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Young Adult Engagement
Young Adult Engagement in Public Libraries: Best Practices
What is Engagement?
“Community engagement is the process of working collaboratively with and through groups of people affiliated by geographic proximity, special interest, or similar situations to address issues affecting the well-being of those people. It is a powerful vehicle for bringing about environmental and behavioral changes that will improve the health of the community and its members. It often involves partnerships and coalitions that help mobilize resources and influence systems, change relationships among partners, and serve as catalysts for changing policies, programs, and practices.”
– Fawcett et al., 1995, CDC Community Engagement Project
As quoted by the National Resource Center on Advancing Emergency Preparedness for Culturally Diverse Communities
Engagement necessitates working together in and between groups comprised of people with shared experience. It necessitates shared power in decision-making, "working
them, instead of creating programs
them, so they become co-creators of programs that reflect their needs" (Hirzy 2011, 3-4). Engagement can occur with citizens and the civic sphere, or between and across individuals and organizations within a community, or both.
Young adults have been somewhat elusive patrons for public libraries. Taking an engagement approach to serving young adults in libraries would involve young adults in all stages of planning and decision-making. Typically a first step in initiating engagement is to identify needs in a community. Libraries must strive to understand the needs of young adults in the communities they serve, and must understand that young adults “know best what their needs and interests are.” (VPL Community Engagement Values Statement, 2010). Libraries must allocate funding and staff to young adult engagement (VPL). The process of decision-making and evaluating outcomes must be shared with community members, and this process should be documented (VPL).
It is important to note that engagement is a continuous process. Young adults will grow up, and new young adults with new needs and interests will visit public libraries. Additionally, the process of becoming engaged exists in a continuum. The idea is to improve library service and experience for young adults, through taking young adults from passive users of library services to active participants, planners, and directors of library services.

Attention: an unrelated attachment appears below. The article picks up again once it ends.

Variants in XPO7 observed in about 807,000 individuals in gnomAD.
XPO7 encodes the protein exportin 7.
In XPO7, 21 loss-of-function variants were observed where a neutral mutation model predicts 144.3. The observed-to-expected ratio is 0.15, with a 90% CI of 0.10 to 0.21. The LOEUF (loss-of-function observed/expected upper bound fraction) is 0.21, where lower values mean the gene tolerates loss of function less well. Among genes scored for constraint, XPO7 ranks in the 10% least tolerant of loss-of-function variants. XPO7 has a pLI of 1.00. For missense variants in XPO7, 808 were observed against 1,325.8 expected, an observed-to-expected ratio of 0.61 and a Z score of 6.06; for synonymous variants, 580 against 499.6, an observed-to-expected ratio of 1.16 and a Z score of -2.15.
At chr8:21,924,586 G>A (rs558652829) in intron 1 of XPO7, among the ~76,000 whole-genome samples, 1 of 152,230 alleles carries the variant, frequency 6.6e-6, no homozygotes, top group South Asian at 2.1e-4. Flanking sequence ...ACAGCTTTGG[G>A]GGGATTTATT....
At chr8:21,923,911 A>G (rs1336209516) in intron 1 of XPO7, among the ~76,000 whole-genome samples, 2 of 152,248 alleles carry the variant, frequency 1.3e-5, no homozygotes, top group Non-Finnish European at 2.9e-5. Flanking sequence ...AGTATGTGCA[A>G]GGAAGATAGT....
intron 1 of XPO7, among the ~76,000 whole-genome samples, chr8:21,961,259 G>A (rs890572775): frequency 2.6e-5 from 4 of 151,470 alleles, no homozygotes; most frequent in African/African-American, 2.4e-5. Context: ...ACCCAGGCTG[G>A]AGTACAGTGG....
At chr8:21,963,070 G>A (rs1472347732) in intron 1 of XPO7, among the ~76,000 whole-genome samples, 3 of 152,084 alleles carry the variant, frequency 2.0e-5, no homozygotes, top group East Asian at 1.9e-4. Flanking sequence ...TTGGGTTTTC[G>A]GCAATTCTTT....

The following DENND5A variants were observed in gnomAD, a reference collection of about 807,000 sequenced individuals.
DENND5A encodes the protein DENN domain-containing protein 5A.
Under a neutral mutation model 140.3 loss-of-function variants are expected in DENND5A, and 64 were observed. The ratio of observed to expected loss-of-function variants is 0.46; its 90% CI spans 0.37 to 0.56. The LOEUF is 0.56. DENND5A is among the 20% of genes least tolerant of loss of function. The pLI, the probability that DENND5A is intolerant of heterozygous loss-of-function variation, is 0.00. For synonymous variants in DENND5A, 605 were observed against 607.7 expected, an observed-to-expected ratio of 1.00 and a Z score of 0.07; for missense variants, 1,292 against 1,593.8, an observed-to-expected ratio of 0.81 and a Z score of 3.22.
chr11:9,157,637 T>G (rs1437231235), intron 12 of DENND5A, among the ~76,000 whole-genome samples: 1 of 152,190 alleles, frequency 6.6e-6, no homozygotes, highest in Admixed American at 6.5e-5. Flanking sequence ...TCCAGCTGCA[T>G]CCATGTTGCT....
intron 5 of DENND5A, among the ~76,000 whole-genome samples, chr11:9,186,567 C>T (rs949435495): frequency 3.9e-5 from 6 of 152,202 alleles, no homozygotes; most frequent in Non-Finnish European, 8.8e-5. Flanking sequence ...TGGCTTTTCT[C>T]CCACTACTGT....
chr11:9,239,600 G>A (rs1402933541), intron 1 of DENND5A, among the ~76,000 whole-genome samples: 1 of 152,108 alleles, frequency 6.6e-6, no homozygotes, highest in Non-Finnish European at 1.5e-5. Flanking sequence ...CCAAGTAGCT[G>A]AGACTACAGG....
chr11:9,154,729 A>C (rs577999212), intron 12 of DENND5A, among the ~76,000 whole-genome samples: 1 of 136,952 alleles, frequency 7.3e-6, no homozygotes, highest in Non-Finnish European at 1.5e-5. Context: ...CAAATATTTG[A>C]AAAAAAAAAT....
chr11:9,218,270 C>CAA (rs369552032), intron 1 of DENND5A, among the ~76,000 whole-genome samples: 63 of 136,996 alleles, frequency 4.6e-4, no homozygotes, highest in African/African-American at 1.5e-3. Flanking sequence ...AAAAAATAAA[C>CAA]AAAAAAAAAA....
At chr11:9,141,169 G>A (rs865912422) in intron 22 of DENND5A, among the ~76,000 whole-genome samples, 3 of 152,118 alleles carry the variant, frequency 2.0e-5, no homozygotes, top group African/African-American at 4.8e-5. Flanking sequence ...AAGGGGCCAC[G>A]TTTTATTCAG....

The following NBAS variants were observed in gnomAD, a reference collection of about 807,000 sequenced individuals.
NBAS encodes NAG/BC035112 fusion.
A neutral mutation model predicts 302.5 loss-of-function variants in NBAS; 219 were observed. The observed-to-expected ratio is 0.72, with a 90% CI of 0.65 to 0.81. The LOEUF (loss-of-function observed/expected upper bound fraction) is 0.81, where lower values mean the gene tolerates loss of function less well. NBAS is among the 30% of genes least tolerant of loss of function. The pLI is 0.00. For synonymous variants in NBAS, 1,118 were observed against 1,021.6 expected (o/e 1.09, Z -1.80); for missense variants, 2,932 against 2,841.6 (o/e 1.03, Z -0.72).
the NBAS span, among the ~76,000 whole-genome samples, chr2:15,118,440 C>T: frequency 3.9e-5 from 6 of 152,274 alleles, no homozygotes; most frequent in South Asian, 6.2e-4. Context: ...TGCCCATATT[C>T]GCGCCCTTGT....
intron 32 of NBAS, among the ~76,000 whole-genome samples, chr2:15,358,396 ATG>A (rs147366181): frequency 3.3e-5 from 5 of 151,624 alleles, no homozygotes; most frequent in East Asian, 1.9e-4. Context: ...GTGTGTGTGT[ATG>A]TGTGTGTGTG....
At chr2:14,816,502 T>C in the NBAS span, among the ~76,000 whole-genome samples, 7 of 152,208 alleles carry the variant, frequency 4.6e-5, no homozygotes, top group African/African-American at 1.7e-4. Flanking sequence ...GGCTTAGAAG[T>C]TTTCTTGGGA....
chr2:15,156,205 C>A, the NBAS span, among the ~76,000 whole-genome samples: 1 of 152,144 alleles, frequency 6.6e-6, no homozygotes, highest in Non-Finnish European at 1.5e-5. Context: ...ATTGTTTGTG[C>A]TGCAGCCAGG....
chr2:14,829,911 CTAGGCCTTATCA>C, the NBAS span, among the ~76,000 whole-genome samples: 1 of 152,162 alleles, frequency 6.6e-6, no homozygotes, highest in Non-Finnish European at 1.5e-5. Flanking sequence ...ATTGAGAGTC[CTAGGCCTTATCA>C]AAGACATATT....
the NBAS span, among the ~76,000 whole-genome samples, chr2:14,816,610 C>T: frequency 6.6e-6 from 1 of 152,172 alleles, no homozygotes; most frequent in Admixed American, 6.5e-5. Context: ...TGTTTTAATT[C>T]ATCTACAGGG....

image from Tamarack Institute for Community Engagement. Accessed at http://tamarackcommunity.ca/g3s1.html
Being involved in an engagement initiative is beneficial for both libraries and young adults. Libraries can increase circulation, program attendance and quality, visibility and value in a community through effective engagement. Young adults are provided a safe space, leadership and management opportunities, information literacy skill-building, social interaction, and an additional boost to résumés or college applications.
Best Practice: Start a youth engagement initiative by conducting a needs assessment.
Before you begin a major engagement initiative with young adults, you should determine the needs of young adults in your community by getting input and/or feedback from them directly. Involve young adults, their parents, and other adults who work with teens and young adults in your assessment (Hirzy, 27).
Do not limit your inquiries to in-house library resources! Libraries can and should provide more than information resources to teens. (Williams and Edwards 2011, 143). Ask questions about the appearance of the teen space or common areas of the library. Ask about the website and social media presence. Ask about programs and awareness of programs.
A needs assessment can be conducted through surveys, interviews, or input from existing teen clubs or advisory groups at your library. There is no one way to conduct a needs assessment, but you can learn about and choose from a variety of options presented through this Community Tool Box online resource:
Best Practice: Identify barriers to library engagement for your community’s young adults.
Young adults are absent from public libraries for a variety of legitimate reasons. Take into account the barriers to accessing the library that young adults face in order to better serve their needs (Hirzy 32).